Carolina Journal News Reports
RALEIGH — House Bill 175 would return control over school calendars to local boards of education. The legislation could mean a showdown between educators who disapprove of a one-size-fits-all approach for all 115 of the state's public school districts and business interests that pushed for a mandated statewide school calendar on the premise that it creates additional revenue from tourism.
H.B. 175 passed the first reading in the state House and was referred to the Committee on Education Feb. 25.
Under current law, passed in 2004, local school districts are barred from starting the school year before Aug. 25 and ending it after June 10. Former Senate President Pro Tem Marc Basnight, D-Dare, who represented eight coastal counties in the state Senate until his resignation in January, pushed for the law on the premise that it would boost tourism.
Forty states and the District of Columbia provide local control over school calendars either by allowing the school district to set the start date or putting it to a vote of the school board or citizens, says Terry Stoops, director of education studies at the John Locke Foundation. In 11 states, guidelines for setting the start date are set by state law. Forty-eight states and the District of Columbia allow local education agencies to determine when school ends; Arkansas, North Carolina, and West Virginia are the only states allowing no local control over the school calendar, Stoops adds.
"The [November] election was about several things," says House Speaker Pro Tem Dale Folwell, R-Forsyth, one of the primary sponsors of the bill. "One thing was the people's desire to have us push the power away from our title, away from our office, and away from the capitol. "
Educators have criticized the current law on several fronts. For instance, they say, by eliminating five of 20 teacher workdays, it has diminished opportunities for staff development. The proposed legislation would restore those workdays.
"We strongly support the bill," said Leanne Winner, director of governmental relations for the N.C. State School Boards Association. "The current law has not been positive for us to provide educational opportunities for our children."
The NCSBA contends the current law came about as a result of intense pressure from tourism groups and a parent-led coalition called Save Our Summers. The law created a procedure allowing districts to apply for waivers from the mandated start and end dates, but "the requirements were quite burdensome and ineffectual," the NCSBA website says.
Critics also say the current law has thrown the calendar for high schools, community colleges, and universities out of alignment by two weeks, preventing many high school students from participating in upper-level courses at partner colleges and universities.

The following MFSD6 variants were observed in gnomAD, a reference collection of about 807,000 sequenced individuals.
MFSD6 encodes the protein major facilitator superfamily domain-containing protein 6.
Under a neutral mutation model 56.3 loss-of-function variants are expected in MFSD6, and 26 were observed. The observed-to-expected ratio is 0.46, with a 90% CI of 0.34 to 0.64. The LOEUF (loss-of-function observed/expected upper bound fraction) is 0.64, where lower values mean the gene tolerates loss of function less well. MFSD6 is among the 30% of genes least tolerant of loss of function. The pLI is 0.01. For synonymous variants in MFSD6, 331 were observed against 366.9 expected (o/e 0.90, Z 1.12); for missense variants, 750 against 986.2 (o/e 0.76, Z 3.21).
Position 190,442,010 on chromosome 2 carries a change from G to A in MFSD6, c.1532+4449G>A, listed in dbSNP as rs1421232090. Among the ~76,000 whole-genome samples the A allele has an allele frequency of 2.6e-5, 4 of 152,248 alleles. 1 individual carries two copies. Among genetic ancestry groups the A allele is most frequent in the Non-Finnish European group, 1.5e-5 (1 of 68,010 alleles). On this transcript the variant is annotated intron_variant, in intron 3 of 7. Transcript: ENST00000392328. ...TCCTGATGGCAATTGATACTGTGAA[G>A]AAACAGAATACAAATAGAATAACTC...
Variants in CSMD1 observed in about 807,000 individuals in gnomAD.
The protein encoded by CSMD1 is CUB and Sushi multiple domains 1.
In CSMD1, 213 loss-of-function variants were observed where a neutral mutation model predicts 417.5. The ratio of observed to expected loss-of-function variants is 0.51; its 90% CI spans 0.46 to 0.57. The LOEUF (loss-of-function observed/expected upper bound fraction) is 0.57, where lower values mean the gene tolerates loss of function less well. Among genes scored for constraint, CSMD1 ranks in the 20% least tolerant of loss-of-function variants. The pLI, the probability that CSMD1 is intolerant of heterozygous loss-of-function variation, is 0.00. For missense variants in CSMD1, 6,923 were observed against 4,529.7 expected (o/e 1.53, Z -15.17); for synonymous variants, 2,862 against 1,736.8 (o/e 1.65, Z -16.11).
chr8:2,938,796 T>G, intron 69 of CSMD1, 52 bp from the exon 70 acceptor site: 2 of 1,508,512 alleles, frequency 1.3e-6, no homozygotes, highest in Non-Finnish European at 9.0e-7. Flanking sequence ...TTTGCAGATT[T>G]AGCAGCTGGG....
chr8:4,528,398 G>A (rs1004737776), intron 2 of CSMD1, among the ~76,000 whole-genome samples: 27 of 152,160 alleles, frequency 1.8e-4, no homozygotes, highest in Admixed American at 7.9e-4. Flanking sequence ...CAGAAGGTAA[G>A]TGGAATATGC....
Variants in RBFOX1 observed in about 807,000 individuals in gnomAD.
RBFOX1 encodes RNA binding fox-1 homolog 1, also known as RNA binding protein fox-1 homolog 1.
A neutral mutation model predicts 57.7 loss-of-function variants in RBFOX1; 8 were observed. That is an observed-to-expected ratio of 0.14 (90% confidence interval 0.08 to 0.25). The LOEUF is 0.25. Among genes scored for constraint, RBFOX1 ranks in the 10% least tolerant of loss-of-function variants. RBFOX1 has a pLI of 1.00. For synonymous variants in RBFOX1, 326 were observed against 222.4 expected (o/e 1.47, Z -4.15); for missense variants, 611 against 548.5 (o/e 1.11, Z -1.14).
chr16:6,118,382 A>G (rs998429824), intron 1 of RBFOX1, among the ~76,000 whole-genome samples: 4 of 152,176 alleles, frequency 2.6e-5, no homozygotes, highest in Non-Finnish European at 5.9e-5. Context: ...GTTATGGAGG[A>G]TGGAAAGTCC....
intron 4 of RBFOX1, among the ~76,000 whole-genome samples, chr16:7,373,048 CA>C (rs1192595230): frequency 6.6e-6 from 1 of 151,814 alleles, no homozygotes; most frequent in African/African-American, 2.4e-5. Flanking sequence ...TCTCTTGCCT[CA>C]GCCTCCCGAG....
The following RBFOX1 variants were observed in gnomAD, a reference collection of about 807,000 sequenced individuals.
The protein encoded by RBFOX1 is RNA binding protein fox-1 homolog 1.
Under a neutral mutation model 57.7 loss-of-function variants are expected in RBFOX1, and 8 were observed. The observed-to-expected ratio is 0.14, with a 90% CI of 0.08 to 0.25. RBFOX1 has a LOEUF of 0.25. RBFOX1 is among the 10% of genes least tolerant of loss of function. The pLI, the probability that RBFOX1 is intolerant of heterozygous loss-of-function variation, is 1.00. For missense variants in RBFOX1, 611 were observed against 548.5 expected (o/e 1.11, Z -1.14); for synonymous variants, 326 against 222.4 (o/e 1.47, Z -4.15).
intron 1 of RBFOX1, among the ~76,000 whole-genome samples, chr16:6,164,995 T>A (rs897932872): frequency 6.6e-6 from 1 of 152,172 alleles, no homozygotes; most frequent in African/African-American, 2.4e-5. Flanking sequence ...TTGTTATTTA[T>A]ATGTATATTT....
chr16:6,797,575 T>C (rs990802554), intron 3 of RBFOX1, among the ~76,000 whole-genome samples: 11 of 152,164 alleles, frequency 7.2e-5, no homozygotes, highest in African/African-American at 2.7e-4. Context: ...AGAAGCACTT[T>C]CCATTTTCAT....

And they argue the law has decreased the amount of instructional time students receive before testing. Winner says students in Advanced Placement and International Baccalaureate programs receive two weeks' less instructional time prior to testing.
Folwell says modifications in the testing schedule for high school seniors have proved detrimental since the 2004 passage of the current law. "It has prevented our high school students from completing midterm exams before Christmas,” he said. “The biggest number of high school students apply for college in October and receive a reply by Feb. 1." That’s the time most universities send out acceptance letters to graduating seniors. Instead, some 50 percent of N.C. high school students wrap up their midterm exams on Feb. 1, putting them at a competitive disadvantage with students from other states.
"If the exams are after Christmas, kids never get a break," Winner adds.
Save Our Summers says the current law lets families spend more time together. Students also can work or participate in extracurricular activities, including summer camps.
The state’s calendar law requires that all public school students attend school a minimum of 180 days and 1,000 hours of instructional time. Students must also complete two 90-day instructional periods prior to testing.
"It really comes down to the impact the current law has had on school systems' ability to manage two uncontrollable things — weather and the number of holidays in January," says Folwell. The current law limits the number of days that can be scheduled as inclement weather days, increasing the likelihood that the Wednesday before Thanksgiving, spring break, and Saturdays must be used as make-up days.
Similar bills aimed at restoring control to local school boards have passed the state House in previous sessions but never made it through the Senate. "Every session since 2004 has seen the passage in the House of at least one of these bills," says Kathy Hartkopf, legislative liaison for North Carolina FreedomWorks, which has lobbied on behalf of HB 175.
"The 2004 calendar law represents an egregious violation for local control," Hartkopf says. "It is elected school board members, not the state legislature, who should set the school calendar for the students in their counties."
Rep. Bill Faison, D-Caswell, says both boards of education in his district have asked for legislation that would return control over school calendars to local educators. Last session, he supported a similar bill that ultimately died in the Senate and is a co-sponsor of H.B. 175.
"Marc Basnight pushed this through,” Faison said. “Now Marc Basnight is no longer there. Even if he were there, I don't think he would have the votes to stop it."
Kristy Bailey is a contributor to Carolina Journal.